Charter Member
 
Join Date: Jul 2000
Location: Milky Way Galaxy
Posts: 39,380
Quote:
Originally Posted by iiandyiiii View Post
For black Americans, polling and surveys such as the following:

https://www.npr.org/sections/thetwo-...s-vary-by-race

https://news.gallup.com/opinion/gall...s-housing.aspx

https://www.opportunityagenda.org/ex...eownership-and

I'm far less confident in my understanding of the history, polling, and cirumstances faced by Native Americans, which is why I generally focus my posts on these issues for black Americans.
Actually what I was asking for was comparisons of people in the underclass, which leads you to conclude that black members of the underclass are more likely to say "I am going to be really cheesed off if I don't get some reparations soon" vs. whites/Hispanics/Asians who are also members but say "hey, get to me when you get a chance".

Regards,
Shodan
  #435  
Old 06-25-2019, 03:04 PM
iiandyiiii's Avatar
iiandyiiii is offline
Member
 
Join Date: Aug 2010
Location: Arlington, VA
Posts: 34,508
Quote:
Originally Posted by Shodan View Post
Actually what I was asking for was comparisons of people in the underclass, which leads you to conclude that black members of the underclass are more likely to say "I am going to be really cheesed off if I don't get some reparations soon" vs. whites/Hispanics/Asians who are also members but say "hey, get to me when you get a chance".



Regards,

Shodan
That is not my conclusion.
__________________
My new novel Spindown
  #436  
Old 06-25-2019, 03:10 PM
Shodan is offline
Charter Member
 
Join Date: Jul 2000
Location: Milky Way Galaxy
Posts: 39,380
I didn't ask you for your conclusion, I asked you for your evidence.

Regards,
Shodan
  #437  
Old 06-25-2019, 03:26 PM
iiandyiiii's Avatar
iiandyiiii is offline
Member
 
Join Date: Aug 2010
Location: Arlington, VA
Posts: 34,508
Quote:
Originally Posted by Shodan View Post
I didn't ask you for your conclusion, I asked you for your evidence.

Regards,
Shodan
I gave it to you. Then you asked for the evidence for a conclusion I haven't made.

Something about a horse and water, I think.
__________________
My new novel Spindown

Last edited by iiandyiiii; 06-25-2019 at 03:26 PM.
  #438  
Old 06-25-2019, 03:45 PM
Guinastasia's Avatar
Guinastasia is offline
Member
 
Join Date: Jul 2000
Location: Pittsburgh, PA
Posts: 52,709
Does this also depend on one's income? Would rich, famous people like Lebron James or Kanye West get something as well? That strikes me as a little off.
__________________
Itís not you, itís your sports team.
  #439  
Old 06-25-2019, 10:28 PM
UltraVires is offline
Guest
 
Join Date: Jul 2007
Location: Bridgeport, WV, US
Posts: 15,557
Quote:
Originally Posted by iiandyiiii View Post
The purpose of reparations for discrimination and oppression against black people is to avoid a permanent aggrieved black underclass. The purpose of reparations for discrimination and oppression against Native Americans is to avoid a permanent aggrieved Native American underclass. I focus on those two because those are the groups that I'm aware of that, statistically, appear to be in danger of being a permanent aggrieved underclass.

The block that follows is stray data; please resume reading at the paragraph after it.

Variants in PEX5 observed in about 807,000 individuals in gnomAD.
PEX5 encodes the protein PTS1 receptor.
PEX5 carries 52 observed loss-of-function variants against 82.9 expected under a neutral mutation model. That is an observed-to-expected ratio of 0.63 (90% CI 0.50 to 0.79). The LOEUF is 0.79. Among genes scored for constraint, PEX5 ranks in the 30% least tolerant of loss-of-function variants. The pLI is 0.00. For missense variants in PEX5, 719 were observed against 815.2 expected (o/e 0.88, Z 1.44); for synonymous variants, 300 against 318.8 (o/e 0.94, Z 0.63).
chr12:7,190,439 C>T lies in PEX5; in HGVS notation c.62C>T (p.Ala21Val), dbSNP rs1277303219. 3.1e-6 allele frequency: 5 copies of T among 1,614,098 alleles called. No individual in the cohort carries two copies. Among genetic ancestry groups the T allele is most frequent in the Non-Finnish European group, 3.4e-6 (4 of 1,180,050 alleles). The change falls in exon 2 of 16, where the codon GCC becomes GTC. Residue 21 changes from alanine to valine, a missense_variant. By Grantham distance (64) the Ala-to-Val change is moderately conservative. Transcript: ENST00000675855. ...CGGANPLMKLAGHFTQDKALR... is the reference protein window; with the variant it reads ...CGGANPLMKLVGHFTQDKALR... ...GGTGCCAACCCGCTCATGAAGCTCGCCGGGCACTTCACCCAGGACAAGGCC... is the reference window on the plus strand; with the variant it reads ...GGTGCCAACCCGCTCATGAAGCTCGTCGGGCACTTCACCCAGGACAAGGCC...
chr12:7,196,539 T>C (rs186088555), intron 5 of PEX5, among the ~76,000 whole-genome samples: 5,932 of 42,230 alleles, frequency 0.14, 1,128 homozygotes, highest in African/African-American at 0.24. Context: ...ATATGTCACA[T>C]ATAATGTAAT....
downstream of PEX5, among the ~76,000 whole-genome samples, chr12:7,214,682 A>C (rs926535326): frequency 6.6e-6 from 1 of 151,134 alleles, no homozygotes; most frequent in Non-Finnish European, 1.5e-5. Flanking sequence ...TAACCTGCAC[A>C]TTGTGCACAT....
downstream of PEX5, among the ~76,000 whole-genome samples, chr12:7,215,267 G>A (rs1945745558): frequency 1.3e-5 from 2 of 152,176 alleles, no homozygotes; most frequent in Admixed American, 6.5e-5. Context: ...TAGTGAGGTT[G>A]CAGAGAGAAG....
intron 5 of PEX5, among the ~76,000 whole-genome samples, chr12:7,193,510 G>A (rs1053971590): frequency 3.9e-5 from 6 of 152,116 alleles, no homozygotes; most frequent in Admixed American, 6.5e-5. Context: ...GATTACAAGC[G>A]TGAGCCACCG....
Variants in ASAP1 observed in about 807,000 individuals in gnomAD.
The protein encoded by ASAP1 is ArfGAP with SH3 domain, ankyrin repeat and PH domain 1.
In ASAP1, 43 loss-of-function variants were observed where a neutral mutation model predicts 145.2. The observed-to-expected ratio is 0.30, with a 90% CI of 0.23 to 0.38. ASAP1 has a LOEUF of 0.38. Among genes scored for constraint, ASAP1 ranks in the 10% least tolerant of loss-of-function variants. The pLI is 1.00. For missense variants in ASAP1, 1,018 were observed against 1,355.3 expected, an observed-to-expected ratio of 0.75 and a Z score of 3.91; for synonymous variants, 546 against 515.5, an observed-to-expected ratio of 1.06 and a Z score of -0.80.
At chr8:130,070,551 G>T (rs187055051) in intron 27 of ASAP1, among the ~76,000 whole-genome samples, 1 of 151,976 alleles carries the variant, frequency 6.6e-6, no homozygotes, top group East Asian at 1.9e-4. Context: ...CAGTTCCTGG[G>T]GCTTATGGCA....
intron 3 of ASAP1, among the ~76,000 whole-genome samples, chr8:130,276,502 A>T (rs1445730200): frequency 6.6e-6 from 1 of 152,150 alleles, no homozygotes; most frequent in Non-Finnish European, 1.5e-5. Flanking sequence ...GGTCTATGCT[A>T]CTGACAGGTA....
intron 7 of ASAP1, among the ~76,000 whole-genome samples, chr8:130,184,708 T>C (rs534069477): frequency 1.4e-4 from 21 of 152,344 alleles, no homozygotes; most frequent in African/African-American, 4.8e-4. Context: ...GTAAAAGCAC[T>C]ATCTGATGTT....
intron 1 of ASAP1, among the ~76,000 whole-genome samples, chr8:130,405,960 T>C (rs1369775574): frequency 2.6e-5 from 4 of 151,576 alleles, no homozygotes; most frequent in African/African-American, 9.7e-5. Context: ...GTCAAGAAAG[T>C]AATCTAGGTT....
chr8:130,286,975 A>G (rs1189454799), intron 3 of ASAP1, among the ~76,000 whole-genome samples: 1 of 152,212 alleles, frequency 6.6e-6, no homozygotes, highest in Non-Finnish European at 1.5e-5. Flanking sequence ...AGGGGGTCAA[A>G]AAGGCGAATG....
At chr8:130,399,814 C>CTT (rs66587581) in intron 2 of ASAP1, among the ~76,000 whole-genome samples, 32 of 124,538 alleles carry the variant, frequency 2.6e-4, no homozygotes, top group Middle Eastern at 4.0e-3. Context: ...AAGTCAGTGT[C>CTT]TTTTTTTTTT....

If you believe any other groups might become "permanent aggrieved underclasses", then I'd be interested in which other groups you believe this is accurate for, and whether you believe it has anything to do with widespread discrimination and oppression.
So are you now saying that I don't get a check for the way my great-grandfather was treated because I am not a "permanently aggrieved underclass"? Before you said you wanted to study it.

Or maybe, West Virginians can pull ourselves up by our bootstraps? Is that because we are white or can move?

What makes a person suffer from "widespread discrimination and oppression"? I fear that you are supporting your position by your own definitions. What do you mean by all of the words there: widespread, discrimination, and oppression? Those are so fluid and, once again, subject to any interpretation.
  #440  
Old 06-26-2019, 04:01 AM
iiandyiiii's Avatar
iiandyiiii is offline
Member
 
Join Date: Aug 2010
Location: Arlington, VA
Posts: 34,508
Quote:
Originally Posted by UltraVires View Post
So are you now saying that I don't get a check for the way my great-grandfather was treated because I am not a "permanently aggrieved underclass"? Before you said you wanted to study it.



Or maybe, West Virginians can pull ourselves up by our bootstraps? Is that because we are white or can move?



What makes a person suffer from "widespread discrimination and oppression"? I fear that you are supporting your position by your own definitions. What do you mean by all of the words there: widespread, discrimination, and oppression? Those are so fluid and, once again, subject to any interpretation.
I'm not sure what your first two paragraphs are referring to. I'm open to considering any arguments for study and research you think are warranted.
__________________
My new novel Spindown
  #441  
Old 06-26-2019, 07:39 AM
Shodan is offline
Charter Member
 
Join Date: Jul 2000
Location: Milky Way Galaxy
Posts: 39,380
Quote:
Originally Posted by iiandyiiii View Post
I gave it to you. Then you asked for the evidence for a conclusion I haven't made.
So you are backing off from this -
Quote:
Originally Posted by iiandyiiii
The purpose of reparations for discrimination and oppression against black people is to avoid a permanent aggrieved black underclass. The purpose of reparations for discrimination and oppression against Native Americans is to avoid a permanent aggrieved Native American underclass. I focus on those two because those are the groups that I'm aware of that, statistically, appear to be in danger of being a permanent aggrieved underclass.